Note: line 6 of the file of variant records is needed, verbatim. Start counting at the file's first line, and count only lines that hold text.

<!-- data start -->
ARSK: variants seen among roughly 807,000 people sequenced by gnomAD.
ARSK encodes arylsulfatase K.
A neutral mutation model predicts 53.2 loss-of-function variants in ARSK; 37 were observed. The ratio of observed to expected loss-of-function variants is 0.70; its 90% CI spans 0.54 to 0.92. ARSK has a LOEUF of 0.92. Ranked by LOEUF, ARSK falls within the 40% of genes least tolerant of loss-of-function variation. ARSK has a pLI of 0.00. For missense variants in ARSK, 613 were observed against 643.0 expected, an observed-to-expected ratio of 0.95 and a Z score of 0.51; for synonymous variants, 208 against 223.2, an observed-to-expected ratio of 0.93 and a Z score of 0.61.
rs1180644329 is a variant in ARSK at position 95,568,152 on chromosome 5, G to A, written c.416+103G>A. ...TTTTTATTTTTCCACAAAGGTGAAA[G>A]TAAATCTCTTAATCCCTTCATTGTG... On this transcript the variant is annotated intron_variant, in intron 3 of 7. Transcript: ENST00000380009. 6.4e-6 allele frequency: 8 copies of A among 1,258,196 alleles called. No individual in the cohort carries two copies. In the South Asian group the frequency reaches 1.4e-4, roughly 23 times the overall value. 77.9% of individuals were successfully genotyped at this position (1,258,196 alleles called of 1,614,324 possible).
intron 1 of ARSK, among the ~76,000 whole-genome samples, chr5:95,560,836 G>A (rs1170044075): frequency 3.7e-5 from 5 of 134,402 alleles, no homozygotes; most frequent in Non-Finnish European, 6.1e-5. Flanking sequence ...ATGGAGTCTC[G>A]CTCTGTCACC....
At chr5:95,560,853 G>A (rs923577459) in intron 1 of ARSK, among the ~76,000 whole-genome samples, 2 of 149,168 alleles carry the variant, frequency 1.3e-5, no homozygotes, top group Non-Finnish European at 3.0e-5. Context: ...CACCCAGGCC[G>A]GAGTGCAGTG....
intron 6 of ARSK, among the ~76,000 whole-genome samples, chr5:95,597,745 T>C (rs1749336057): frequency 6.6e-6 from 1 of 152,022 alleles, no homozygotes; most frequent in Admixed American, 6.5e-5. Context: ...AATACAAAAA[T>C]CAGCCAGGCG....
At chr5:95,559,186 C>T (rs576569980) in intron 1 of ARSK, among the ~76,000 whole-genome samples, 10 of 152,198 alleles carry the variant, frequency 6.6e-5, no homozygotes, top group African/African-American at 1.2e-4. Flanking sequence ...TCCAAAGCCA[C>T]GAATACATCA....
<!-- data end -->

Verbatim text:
At chr5:95,560,853 G>A (rs923577459) in intron 1 of ARSK, among the ~76,000 whole-genome samples, 2 of 149,168 alleles carry the variant, frequency 1.3e-5, no homozygotes, top group Non-Finnish European at 3.0e-5. Context: ...CACCCAGGCC[G>A]GAGTGCAGTG....